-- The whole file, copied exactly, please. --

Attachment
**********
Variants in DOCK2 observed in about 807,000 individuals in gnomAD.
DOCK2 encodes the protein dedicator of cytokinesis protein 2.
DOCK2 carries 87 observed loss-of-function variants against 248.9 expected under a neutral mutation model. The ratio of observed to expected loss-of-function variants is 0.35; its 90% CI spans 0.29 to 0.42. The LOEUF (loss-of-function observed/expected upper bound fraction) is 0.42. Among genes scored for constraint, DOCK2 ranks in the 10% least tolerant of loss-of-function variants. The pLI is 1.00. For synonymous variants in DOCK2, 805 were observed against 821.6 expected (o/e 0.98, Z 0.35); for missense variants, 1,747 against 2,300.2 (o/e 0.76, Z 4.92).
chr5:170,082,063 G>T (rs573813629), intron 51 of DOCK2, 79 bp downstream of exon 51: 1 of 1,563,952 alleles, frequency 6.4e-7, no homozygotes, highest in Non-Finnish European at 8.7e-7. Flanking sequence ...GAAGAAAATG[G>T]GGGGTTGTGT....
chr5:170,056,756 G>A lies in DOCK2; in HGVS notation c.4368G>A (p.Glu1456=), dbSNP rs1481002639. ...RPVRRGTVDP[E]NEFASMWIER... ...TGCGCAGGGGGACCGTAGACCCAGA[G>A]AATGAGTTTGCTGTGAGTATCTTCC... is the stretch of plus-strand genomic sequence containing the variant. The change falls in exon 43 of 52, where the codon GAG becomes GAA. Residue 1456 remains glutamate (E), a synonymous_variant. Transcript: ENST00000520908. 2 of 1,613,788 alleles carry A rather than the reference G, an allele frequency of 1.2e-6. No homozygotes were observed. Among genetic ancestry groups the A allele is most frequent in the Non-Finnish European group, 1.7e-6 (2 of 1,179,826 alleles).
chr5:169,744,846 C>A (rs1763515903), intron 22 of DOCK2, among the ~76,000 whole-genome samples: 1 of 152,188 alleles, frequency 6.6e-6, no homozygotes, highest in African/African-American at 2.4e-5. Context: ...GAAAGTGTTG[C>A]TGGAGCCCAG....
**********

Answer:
Variants in DOCK2 observed in about 807,000 individuals in gnomAD.
DOCK2 encodes the protein dedicator of cytokinesis protein 2.
DOCK2 carries 87 observed loss-of-function variants against 248.9 expected under a neutral mutation model. The ratio of observed to expected loss-of-function variants is 0.35; its 90% CI spans 0.29 to 0.42. The LOEUF (loss-of-function observed/expected upper bound fraction) is 0.42. Among genes scored for constraint, DOCK2 ranks in the 10% least tolerant of loss-of-function variants. The pLI is 1.00. For synonymous variants in DOCK2, 805 were observed against 821.6 expected (o/e 0.98, Z 0.35); for missense variants, 1,747 against 2,300.2 (o/e 0.76, Z 4.92).
chr5:170,082,063 G>T (rs573813629), intron 51 of DOCK2, 79 bp downstream of exon 51: 1 of 1,563,952 alleles, frequency 6.4e-7, no homozygotes, highest in Non-Finnish European at 8.7e-7. Flanking sequence ...GAAGAAAATG[G>T]GGGGTTGTGT....
chr5:170,056,756 G>A lies in DOCK2; in HGVS notation c.4368G>A (p.Glu1456=), dbSNP rs1481002639. ...RPVRRGTVDP[E]NEFASMWIER... ...TGCGCAGGGGGACCGTAGACCCAGA[G>A]AATGAGTTTGCTGTGAGTATCTTCC... is the stretch of plus-strand genomic sequence containing the variant. The change falls in exon 43 of 52, where the codon GAG becomes GAA. Residue 1456 remains glutamate (E), a synonymous_variant. Transcript: ENST00000520908. 2 of 1,613,788 alleles carry A rather than the reference G, an allele frequency of 1.2e-6. No homozygotes were observed. Among genetic ancestry groups the A allele is most frequent in the Non-Finnish European group, 1.7e-6 (2 of 1,179,826 alleles).
chr5:169,744,846 C>A (rs1763515903), intron 22 of DOCK2, among the ~76,000 whole-genome samples: 1 of 152,188 alleles, frequency 6.6e-6, no homozygotes, highest in African/African-American at 2.4e-5. Context: ...GAAAGTGTTG[C>A]TGGAGCCCAG....